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China Health

When to Worry, Really, About China’s Bird Flu

Beijing's first human case of H7N9 bird flu, a 7-year-old girl lying in her bed in an ICU at Ditan hospital on April 13, 2013

Photograph by STR/AFP via Getty Images

Beijing's first human case of H7N9 bird flu, a 7-year-old girl lying in her bed in an ICU at Ditan hospital on April 13, 2013

As more and more cases of bird flu crop up in eastern China, the reassuring voices of the World Health Organization (WHO) and Centers for Disease Control and Prevention (CDC) are urging Chinese citizens—and international travelers—to remain calm but vigilant: There is no need for full-on alarm unless or until solid evidence emerges that someone can catch the virus from other people, as well as from chickens.

Human-to-human transmission, in scientific parlance, is the threshold at which the outbreak of the H7N9 “bird flu” in China might transition from an alarming episode to the start of a potential epidemic. David Quammen, author of the recent book Spillover: Animal Infections and the Next Human Pandemic, echoed this sentiment in a lucid opinion piece for National Geographic online, entitled “Too Early to Panic Over Bird Flu.”

Now, with the official casualty toll at 62 confirmed human cases and 14 deaths in China, health authorities are closely scrutinizing a husband and wife in Shanghai—both of whom are infected with the virus—to determine whether he caught the virus from her, or whether they were both sickened by the same source.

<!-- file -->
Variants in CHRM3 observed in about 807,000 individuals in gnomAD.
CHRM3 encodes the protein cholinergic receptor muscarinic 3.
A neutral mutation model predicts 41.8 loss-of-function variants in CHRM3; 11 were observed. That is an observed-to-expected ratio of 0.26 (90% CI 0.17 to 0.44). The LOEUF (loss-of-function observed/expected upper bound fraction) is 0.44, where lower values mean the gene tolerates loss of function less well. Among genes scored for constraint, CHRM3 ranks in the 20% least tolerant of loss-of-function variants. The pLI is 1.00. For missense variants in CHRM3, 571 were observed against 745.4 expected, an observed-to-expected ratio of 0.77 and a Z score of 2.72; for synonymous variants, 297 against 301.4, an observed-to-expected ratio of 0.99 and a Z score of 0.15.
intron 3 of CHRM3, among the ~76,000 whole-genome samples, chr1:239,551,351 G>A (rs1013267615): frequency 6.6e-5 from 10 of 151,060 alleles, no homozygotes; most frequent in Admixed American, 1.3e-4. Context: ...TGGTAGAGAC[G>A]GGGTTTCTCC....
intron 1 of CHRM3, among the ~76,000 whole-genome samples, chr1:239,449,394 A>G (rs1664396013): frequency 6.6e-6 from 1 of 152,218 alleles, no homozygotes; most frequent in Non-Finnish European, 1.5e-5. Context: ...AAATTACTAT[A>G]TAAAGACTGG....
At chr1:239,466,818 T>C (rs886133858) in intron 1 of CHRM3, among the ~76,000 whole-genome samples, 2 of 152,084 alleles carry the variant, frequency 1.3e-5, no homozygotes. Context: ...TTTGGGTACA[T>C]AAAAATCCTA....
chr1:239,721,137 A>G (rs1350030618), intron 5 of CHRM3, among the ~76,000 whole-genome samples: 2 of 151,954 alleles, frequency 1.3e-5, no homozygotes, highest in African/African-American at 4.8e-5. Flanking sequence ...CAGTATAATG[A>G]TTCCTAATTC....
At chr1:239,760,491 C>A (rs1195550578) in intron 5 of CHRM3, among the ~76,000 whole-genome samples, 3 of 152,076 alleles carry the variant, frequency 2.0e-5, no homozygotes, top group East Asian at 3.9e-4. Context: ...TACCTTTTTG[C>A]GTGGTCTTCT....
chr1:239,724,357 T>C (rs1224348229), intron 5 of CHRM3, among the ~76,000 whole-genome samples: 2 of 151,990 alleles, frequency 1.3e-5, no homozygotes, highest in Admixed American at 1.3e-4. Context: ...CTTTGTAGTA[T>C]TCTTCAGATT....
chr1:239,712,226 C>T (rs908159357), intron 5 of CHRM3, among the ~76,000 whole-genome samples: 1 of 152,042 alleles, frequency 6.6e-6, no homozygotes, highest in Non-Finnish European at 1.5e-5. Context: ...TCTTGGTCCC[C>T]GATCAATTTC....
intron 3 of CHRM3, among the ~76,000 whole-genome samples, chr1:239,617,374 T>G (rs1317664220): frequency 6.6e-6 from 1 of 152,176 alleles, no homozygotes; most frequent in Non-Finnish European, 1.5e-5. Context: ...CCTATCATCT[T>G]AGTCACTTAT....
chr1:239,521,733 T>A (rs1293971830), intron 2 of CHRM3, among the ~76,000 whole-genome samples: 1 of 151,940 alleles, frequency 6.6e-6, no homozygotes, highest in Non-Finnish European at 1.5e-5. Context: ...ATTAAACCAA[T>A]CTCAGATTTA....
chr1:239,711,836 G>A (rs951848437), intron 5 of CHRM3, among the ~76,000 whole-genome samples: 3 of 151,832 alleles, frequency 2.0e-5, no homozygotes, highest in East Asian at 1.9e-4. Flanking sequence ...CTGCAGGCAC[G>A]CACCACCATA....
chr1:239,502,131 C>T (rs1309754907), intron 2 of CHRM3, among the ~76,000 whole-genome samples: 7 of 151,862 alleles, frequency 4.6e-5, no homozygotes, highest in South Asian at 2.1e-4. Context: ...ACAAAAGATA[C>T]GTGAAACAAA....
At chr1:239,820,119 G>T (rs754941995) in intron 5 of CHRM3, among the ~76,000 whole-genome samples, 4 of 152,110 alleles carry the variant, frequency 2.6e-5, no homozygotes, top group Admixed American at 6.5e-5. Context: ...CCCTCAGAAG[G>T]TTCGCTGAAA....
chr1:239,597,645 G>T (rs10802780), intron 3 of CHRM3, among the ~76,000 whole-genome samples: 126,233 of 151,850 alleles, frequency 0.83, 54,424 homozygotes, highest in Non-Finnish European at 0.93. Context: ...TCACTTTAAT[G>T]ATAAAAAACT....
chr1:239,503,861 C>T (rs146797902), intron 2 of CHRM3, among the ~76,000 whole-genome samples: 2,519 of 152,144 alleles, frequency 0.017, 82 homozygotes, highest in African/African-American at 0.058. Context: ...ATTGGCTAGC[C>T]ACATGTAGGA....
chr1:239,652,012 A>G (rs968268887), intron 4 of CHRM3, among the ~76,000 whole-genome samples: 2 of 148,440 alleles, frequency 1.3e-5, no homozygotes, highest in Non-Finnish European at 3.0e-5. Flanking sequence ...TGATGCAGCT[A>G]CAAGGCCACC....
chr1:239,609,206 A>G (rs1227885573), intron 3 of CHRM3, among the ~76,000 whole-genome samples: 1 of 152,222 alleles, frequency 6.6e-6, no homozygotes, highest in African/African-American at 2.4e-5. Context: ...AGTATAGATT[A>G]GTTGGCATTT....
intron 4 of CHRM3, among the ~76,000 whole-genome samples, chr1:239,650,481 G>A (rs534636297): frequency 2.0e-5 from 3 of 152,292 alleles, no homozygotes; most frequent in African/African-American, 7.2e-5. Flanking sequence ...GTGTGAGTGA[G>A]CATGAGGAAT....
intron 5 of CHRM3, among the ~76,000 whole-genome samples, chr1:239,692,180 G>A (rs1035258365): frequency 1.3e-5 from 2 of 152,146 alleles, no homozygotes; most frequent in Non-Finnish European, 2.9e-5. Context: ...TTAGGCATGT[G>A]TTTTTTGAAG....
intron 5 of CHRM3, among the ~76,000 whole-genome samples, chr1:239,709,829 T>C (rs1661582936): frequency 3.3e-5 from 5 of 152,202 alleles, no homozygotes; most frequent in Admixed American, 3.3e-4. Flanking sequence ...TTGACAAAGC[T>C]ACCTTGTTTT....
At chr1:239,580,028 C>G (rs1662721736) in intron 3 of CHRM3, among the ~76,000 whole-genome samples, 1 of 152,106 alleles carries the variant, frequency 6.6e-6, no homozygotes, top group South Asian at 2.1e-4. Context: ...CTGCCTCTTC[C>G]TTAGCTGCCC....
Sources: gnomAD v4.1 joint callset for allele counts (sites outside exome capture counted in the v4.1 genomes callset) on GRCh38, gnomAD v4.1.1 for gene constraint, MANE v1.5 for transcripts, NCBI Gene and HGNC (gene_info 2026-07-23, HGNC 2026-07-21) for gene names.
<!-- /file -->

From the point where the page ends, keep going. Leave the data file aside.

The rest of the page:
Separately, and worrisome for a different reason, is that the virus is no longer confined to the geographic region around Shanghai: Over the weekend, new cases were confirmed in Beijing and in northern China’s Henan province, including a 7-year-old girl who’s being treated in the intensive-care unit of a Beijing hospital. This news most likely means that infections in birds, as carriers of the H7N9 virus, range much wider than previously thought—far up and down China’s east coast.

China’s health authorities have largely won praise for the alacrity and relative openness with which they’ve handled the outbreak thus far. Now they’re welcoming international assistance, as the challenges appear to be escalating: On Wednesday experts from the WHO, CDC, the University of Hong Kong, and the European Centre for Disease Prevention and Control in Stockholm are due to arrive in China. In the meantime, Beijing has joined Shanghai and Nanjing in temporarily banning live poultry trading, which is still suspected to be the major source of infections.

Larson is a Bloomberg Businessweek contributor.

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